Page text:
In a previous article (Immigration and State Legalization of Marijuana), we highlighted some issues that may arise at various stages of immigration-related matters when it comes to a noncitizen’s marijuana-related conduct (use, possession, purchase, sale, etc.). We explained that because marijuana is still illegal at the federal level (both medical and recreational use), immigration officials are allowed to ask questions about marijuana-related conduct and make certain determinations based on that. For instance, a noncitizen returning to the United States who admits to having used marijuana can be deemed inadmissible at the border. Marijuana-related conduct can also have consequences for a noncitizen’s immigration status at any point until he or she becomes a naturalized citizen. This article provides more detail regarding the green card process and marijuana-related conduct.
Green Cards and Admissibility
A fundamental requirement of obtaining a green card is showing that you are admissible. Violating federal controlled substance law will make you inadmissible. If the government asks you if you have used or possessed marijuana, or if you have committed a drug offense, you do not have good choices in how you respond.
– If you admit to any marijuana related conduct inside or outside the United States, you will be deemed inadmissible, based on having made an admission to a federal crime.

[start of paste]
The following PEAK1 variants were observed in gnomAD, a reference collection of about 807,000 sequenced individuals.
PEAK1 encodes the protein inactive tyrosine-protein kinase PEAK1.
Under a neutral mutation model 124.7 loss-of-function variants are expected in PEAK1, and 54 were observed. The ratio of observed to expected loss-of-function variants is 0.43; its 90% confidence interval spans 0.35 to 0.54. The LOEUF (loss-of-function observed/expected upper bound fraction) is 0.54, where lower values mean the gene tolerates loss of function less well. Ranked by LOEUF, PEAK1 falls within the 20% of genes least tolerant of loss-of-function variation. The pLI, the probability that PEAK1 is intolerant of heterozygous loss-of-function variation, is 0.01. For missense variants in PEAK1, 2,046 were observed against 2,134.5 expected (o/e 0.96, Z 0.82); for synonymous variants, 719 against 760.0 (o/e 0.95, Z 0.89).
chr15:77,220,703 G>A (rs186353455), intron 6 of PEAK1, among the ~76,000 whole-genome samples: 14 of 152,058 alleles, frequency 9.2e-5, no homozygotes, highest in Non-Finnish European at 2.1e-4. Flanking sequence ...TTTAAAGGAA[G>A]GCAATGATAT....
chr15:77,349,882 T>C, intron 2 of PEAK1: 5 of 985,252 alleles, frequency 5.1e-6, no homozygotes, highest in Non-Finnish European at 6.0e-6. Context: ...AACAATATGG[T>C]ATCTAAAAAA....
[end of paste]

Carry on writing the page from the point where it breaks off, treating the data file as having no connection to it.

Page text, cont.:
– If you decline to answer the question, you will not be deemed inadmissible. However, your application will likely be denied due to a negative inference drawn from your refusal to answer.
– A false response, by saying “no”, carries potential consequences as well. If the government finds out that you lied, then you will be subject to inadmissibility based on misrepresentation and marijuana-related conduct.
What if I just work in the cannabis industry in a state where it is legal, and have never used it myself?
Even if you never used marijuana, there can be very harsh penalties if you have worked in the cannabis industry. Employment in the cannabis industry can result in the following penalties:
– You can be found inadmissible because of a finding that you participated in drug trafficking;
– You can be found inadmissible because you admitted a controlled substance offense; and
– You can be found inadmissible under national security and terrorism grounds of inadmissibility.
USCIS officers have a certain amount of discretion when it comes to deciding admissibility when marijuana-related conduct is involved, but you never know who will be adjudicating your application. Due to this uncertainty, the safest route is to avoid marijuana altogether until you are naturalized as an America citizen.
This is a complex and evolving area of the law. If you have questions regarding your particular situation, please contact our attorneys at the Law Offices of Azita M. Mojarad. Our experienced attorneys stand ready to assist you.